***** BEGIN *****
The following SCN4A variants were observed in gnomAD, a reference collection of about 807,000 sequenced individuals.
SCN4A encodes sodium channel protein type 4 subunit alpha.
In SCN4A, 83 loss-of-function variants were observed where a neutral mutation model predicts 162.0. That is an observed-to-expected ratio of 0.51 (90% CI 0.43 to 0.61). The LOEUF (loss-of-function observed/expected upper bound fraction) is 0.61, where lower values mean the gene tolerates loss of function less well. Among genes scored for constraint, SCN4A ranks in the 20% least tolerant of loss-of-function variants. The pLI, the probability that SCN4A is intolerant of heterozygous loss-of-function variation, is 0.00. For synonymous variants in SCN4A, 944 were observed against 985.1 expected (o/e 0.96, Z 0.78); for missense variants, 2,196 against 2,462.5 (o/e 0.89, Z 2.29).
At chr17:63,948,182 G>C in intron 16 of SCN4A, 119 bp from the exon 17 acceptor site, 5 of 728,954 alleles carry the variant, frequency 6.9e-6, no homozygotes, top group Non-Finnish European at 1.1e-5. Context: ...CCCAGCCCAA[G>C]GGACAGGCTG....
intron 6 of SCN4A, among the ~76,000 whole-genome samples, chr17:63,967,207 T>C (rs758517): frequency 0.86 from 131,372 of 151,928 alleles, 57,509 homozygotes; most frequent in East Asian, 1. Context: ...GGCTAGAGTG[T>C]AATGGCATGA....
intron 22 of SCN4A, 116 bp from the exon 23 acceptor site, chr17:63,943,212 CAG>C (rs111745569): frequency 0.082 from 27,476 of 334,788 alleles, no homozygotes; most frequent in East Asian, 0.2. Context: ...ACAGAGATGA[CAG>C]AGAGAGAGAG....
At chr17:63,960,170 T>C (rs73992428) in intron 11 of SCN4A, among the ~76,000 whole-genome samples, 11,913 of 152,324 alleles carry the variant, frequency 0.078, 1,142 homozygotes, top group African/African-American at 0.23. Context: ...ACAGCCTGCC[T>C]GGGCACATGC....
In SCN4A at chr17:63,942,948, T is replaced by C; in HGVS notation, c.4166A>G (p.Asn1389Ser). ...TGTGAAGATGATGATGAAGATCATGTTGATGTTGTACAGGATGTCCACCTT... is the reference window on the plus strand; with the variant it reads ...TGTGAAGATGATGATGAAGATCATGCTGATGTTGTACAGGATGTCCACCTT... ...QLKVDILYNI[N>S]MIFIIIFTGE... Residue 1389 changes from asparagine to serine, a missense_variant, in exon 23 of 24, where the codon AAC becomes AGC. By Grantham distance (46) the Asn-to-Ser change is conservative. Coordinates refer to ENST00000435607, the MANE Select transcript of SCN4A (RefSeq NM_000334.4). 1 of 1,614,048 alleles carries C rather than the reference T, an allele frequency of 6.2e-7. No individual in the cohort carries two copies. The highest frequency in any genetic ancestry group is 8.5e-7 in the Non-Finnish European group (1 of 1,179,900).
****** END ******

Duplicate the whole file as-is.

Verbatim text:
The following SCN4A variants were observed in gnomAD, a reference collection of about 807,000 sequenced individuals.
SCN4A encodes sodium channel protein type 4 subunit alpha.
In SCN4A, 83 loss-of-function variants were observed where a neutral mutation model predicts 162.0. That is an observed-to-expected ratio of 0.51 (90% CI 0.43 to 0.61). The LOEUF (loss-of-function observed/expected upper bound fraction) is 0.61, where lower values mean the gene tolerates loss of function less well. Among genes scored for constraint, SCN4A ranks in the 20% least tolerant of loss-of-function variants. The pLI, the probability that SCN4A is intolerant of heterozygous loss-of-function variation, is 0.00. For synonymous variants in SCN4A, 944 were observed against 985.1 expected (o/e 0.96, Z 0.78); for missense variants, 2,196 against 2,462.5 (o/e 0.89, Z 2.29).
At chr17:63,948,182 G>C in intron 16 of SCN4A, 119 bp from the exon 17 acceptor site, 5 of 728,954 alleles carry the variant, frequency 6.9e-6, no homozygotes, top group Non-Finnish European at 1.1e-5. Context: ...CCCAGCCCAA[G>C]GGACAGGCTG....
intron 6 of SCN4A, among the ~76,000 whole-genome samples, chr17:63,967,207 T>C (rs758517): frequency 0.86 from 131,372 of 151,928 alleles, 57,509 homozygotes; most frequent in East Asian, 1. Context: ...GGCTAGAGTG[T>C]AATGGCATGA....
intron 22 of SCN4A, 116 bp from the exon 23 acceptor site, chr17:63,943,212 CAG>C (rs111745569): frequency 0.082 from 27,476 of 334,788 alleles, no homozygotes; most frequent in East Asian, 0.2. Context: ...ACAGAGATGA[CAG>C]AGAGAGAGAG....
At chr17:63,960,170 T>C (rs73992428) in intron 11 of SCN4A, among the ~76,000 whole-genome samples, 11,913 of 152,324 alleles carry the variant, frequency 0.078, 1,142 homozygotes, top group African/African-American at 0.23. Context: ...ACAGCCTGCC[T>C]GGGCACATGC....
In SCN4A at chr17:63,942,948, T is replaced by C; in HGVS notation, c.4166A>G (p.Asn1389Ser). ...TGTGAAGATGATGATGAAGATCATGTTGATGTTGTACAGGATGTCCACCTT... is the reference window on the plus strand; with the variant it reads ...TGTGAAGATGATGATGAAGATCATGCTGATGTTGTACAGGATGTCCACCTT... ...QLKVDILYNI[N>S]MIFIIIFTGE... Residue 1389 changes from asparagine to serine, a missense_variant, in exon 23 of 24, where the codon AAC becomes AGC. By Grantham distance (46) the Asn-to-Ser change is conservative. Coordinates refer to ENST00000435607, the MANE Select transcript of SCN4A (RefSeq NM_000334.4). 1 of 1,614,048 alleles carries C rather than the reference T, an allele frequency of 6.2e-7. No individual in the cohort carries two copies. The highest frequency in any genetic ancestry group is 8.5e-7 in the Non-Finnish European group (1 of 1,179,900).